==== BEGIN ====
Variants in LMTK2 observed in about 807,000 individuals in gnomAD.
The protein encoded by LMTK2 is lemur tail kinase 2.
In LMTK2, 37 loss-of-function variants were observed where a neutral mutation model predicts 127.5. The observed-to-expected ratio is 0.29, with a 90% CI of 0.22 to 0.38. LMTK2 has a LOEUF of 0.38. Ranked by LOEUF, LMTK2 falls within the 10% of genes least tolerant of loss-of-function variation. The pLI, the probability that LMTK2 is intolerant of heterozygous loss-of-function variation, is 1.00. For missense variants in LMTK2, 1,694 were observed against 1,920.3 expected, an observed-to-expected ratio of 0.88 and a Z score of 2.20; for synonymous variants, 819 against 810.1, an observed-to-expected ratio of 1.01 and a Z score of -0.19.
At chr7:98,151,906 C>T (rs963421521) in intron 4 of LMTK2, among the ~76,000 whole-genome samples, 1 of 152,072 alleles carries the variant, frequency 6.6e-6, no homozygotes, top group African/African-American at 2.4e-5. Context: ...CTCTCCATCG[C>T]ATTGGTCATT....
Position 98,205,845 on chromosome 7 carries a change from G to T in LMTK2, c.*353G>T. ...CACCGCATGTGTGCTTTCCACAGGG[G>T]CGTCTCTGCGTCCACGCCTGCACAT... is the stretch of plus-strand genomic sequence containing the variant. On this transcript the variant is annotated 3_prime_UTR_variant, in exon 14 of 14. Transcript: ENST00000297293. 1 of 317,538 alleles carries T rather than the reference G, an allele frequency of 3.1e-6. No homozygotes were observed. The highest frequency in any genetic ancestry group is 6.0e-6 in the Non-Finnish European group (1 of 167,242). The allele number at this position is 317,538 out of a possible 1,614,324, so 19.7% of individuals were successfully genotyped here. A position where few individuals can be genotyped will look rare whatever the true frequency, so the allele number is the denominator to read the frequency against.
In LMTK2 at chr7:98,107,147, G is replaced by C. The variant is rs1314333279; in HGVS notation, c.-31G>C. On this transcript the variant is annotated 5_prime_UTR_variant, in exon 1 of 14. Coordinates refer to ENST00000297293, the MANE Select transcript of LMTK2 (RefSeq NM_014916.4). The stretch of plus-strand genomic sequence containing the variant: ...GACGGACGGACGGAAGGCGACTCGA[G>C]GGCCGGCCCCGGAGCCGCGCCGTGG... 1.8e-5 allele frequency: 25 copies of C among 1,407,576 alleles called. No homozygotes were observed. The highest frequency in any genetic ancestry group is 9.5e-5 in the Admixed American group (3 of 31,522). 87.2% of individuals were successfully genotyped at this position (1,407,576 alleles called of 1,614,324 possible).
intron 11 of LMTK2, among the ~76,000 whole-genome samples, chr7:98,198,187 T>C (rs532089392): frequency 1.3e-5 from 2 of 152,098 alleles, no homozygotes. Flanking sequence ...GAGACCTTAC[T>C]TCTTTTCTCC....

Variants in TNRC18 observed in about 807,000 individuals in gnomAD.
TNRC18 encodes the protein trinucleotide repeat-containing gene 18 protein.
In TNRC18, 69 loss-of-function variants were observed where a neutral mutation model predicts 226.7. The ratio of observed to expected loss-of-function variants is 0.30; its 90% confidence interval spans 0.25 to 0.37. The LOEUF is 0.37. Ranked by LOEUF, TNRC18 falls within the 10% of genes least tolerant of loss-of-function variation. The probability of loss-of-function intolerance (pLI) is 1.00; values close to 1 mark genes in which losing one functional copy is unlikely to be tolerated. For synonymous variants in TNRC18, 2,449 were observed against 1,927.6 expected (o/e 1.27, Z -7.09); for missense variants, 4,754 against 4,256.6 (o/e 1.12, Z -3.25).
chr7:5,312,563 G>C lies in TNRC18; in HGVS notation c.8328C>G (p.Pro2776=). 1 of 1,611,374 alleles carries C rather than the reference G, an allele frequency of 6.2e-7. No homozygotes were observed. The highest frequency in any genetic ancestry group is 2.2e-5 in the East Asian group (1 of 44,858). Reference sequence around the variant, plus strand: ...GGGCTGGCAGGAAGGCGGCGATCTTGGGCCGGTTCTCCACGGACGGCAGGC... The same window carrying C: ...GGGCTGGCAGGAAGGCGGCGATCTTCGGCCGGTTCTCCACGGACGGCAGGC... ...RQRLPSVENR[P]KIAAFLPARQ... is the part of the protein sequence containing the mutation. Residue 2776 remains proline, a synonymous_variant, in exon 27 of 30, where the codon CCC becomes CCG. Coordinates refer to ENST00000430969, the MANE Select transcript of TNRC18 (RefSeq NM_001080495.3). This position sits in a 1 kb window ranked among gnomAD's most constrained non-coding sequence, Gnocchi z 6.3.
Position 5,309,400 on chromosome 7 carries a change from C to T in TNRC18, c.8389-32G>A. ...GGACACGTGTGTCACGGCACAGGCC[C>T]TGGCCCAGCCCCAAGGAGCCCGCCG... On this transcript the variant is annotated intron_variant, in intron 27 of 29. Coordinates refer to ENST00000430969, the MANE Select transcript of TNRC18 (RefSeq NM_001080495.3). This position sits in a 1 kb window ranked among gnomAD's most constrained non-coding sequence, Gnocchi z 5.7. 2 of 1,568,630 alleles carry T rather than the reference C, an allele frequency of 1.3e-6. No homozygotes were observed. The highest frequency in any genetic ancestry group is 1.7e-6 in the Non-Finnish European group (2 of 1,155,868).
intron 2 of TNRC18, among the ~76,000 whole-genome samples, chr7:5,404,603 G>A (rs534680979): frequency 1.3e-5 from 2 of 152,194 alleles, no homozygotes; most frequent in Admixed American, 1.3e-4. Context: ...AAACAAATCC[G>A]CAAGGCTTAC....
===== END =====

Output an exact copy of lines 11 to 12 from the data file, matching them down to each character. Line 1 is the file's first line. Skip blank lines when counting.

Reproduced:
chr7:5,312,563 G>C lies in TNRC18; in HGVS notation c.8328C>G (p.Pro2776=). 1 of 1,611,374 alleles carries C rather than the reference G, an allele frequency of 6.2e-7. No homozygotes were observed. The highest frequency in any genetic ancestry group is 2.2e-5 in the East Asian group (1 of 44,858). Reference sequence around the variant, plus strand: ...GGGCTGGCAGGAAGGCGGCGATCTTGGGCCGGTTCTCCACGGACGGCAGGC... The same window carrying C: ...GGGCTGGCAGGAAGGCGGCGATCTTCGGCCGGTTCTCCACGGACGGCAGGC... ...RQRLPSVENR[P]KIAAFLPARQ... is the part of the protein sequence containing the mutation. Residue 2776 remains proline, a synonymous_variant, in exon 27 of 30, where the codon CCC becomes CCG. Coordinates refer to ENST00000430969, the MANE Select transcript of TNRC18 (RefSeq NM_001080495.3). This position sits in a 1 kb window ranked among gnomAD's most constrained non-coding sequence, Gnocchi z 6.3.
Position 5,309,400 on chromosome 7 carries a change from C to T in TNRC18, c.8389-32G>A. ...GGACACGTGTGTCACGGCACAGGCC[C>T]TGGCCCAGCCCCAAGGAGCCCGCCG... On this transcript the variant is annotated intron_variant, in intron 27 of 29. Coordinates refer to ENST00000430969, the MANE Select transcript of TNRC18 (RefSeq NM_001080495.3). This position sits in a 1 kb window ranked among gnomAD's most constrained non-coding sequence, Gnocchi z 5.7. 2 of 1,568,630 alleles carry T rather than the reference C, an allele frequency of 1.3e-6. No homozygotes were observed. The highest frequency in any genetic ancestry group is 1.7e-6 in the Non-Finnish European group (2 of 1,155,868).